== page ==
There’s been a budget?
It all kind of slipped me by yesterday. I suppose that one of the benefits of being in service to the Crown means that I’m somewhat detached from the direct impact caused by slashing of this and raising of that. And, with that service being in Defence, I’d probably go as far as to say that it’s pretty safe to gamble on no drastic cuts and plenty of job security for some time to come… (Unless this blog gets me into the same hot water as Gen McChrystal which I seriously doubt!)
I’m not sure why though? If the truth be told then Defence is probably one of the areas in which Mr. Osborne could have saved billions of Pounds without there being much impact on current service provision.
“But what about the equipment shortages we hear so much about?” I hear you cry. Yes, the news still has seemingly regular stories about the shortcomings of the Defence procurement strategies and the dreadful impact those failings have at the ‘sharp’ end. If you read more carefully however you’ll see that most of these stories relate to shortcomings identified in 2003 when we initially deployed to Kuwait in preparation to invade Iraq. I can also confirm that, at that time, the equipment we were issued was woefully below the standard required for working in such an environment. I know this because I was there. During those early days of the Iraqi occupation we were known by US Armed Forces simply as ‘the borrowers’ and it was a well deserved moniker.
Jump forward to 2010 and the kit we use in Afghanistan, and are issued personally, is second to none. I know this because I’ve been there, and I’m going back.
So, if the use of the Defence budget has been so wisely spent over the last few years, why am I promoting the reduction of that same budget? I’ll tell you why; the actual expenditure now has nothing to do with the equipment currently being brought into service, that’s already been paid for, the money being spent now is for equipment, systems and services we may need in the future.
OK, so why should we cut it if we’ll need it in the future?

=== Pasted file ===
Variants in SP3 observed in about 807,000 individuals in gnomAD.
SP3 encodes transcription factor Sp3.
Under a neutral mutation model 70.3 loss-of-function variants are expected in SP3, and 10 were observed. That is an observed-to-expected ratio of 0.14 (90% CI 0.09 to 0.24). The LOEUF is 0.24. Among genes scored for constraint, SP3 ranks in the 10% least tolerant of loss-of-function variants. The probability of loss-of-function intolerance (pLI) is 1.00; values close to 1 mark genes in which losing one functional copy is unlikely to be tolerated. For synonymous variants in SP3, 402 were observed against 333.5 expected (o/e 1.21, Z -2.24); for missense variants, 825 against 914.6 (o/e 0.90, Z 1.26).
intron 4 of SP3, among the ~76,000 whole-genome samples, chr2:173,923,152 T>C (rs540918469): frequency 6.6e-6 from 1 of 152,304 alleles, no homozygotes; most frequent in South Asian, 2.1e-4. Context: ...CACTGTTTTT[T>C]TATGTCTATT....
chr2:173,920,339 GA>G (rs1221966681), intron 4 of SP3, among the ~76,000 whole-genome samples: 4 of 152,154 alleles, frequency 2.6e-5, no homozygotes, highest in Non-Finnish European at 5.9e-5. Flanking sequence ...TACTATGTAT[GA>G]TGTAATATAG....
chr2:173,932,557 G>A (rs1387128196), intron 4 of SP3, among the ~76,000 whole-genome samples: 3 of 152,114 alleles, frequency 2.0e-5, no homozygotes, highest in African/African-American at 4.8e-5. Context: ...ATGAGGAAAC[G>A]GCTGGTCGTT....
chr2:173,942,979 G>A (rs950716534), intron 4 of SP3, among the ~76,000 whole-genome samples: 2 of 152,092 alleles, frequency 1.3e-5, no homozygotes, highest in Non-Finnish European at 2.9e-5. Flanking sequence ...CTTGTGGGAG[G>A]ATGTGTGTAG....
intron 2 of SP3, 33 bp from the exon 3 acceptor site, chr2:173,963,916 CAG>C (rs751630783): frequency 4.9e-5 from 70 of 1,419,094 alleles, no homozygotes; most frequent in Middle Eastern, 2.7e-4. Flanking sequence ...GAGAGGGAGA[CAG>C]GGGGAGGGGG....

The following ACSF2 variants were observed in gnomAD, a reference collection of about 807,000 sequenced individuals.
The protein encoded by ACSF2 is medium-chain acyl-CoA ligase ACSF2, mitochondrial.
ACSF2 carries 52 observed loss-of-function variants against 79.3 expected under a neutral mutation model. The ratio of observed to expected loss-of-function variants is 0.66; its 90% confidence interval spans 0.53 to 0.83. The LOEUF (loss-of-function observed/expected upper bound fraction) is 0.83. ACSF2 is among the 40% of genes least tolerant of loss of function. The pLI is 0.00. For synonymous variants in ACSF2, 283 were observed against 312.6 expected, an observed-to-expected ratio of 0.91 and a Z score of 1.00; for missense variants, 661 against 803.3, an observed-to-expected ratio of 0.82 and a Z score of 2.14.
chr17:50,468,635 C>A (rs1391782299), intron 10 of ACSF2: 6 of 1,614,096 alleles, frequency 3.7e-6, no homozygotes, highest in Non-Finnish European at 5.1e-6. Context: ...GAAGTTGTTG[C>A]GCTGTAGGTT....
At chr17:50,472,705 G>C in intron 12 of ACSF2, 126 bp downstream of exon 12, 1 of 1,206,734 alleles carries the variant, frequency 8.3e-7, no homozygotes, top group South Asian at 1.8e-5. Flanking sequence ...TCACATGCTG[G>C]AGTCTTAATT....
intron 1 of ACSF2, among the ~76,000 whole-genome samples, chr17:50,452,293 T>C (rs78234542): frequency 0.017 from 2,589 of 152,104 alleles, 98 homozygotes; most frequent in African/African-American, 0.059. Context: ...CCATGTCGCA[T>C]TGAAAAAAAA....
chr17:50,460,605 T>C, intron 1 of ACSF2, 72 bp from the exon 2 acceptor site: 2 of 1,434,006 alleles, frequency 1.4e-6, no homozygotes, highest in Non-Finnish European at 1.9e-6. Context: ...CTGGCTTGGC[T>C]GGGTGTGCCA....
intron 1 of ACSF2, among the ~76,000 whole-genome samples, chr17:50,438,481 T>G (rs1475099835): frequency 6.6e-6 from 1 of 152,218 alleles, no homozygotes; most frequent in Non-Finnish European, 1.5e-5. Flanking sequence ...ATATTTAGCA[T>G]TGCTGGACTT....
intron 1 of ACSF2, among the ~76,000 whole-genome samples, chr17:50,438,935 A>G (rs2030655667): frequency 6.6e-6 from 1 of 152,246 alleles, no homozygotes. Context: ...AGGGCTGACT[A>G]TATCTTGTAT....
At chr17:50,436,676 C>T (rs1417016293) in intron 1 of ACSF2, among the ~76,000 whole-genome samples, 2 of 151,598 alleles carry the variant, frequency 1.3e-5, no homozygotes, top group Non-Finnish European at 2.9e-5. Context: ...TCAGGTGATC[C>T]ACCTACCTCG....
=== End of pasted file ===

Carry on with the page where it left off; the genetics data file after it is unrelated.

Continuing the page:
The problem lies deep in the system of procurement, project management and planning of these long-term projects, and the contracts which are awarded to develop, support and maintain them.
If, as a market leader and innovator, you had a project which (through the contracted consortium’s own fault) had failed to reach those targets set in simple documents like the ToR or Feasibility Study (assuming they exist, of course) and so you decided to stop charging the supplier as the project had run out of time and money, therefore accepting a unservicable (mission critical) system, which you’d continue to pay service fees for as it is to be considered an ‘incremental’ release. Would that be considered a financially sound decision? I think not.
An MoD report from 10 years ago stated
There is significant evidence that the ineffective
management of technology is a major cause of
procurement under-performance. Insufficient
investment in technical feasibility studies and
technology demonstrators is occurring in the
early stages of projects
And let’s not forget the fact that this same consortium are the lead on several concurrent contracts all of which have functional overlaps with each other and yet are dealt with as entirely separate entities meaning that the grail of true convergence will remain nothing more than a pipe-dream. And here’s me thinking we were trying to get away from stove-piped service provision?! (Did I mention that they are all also either late, failing and/or over budget?)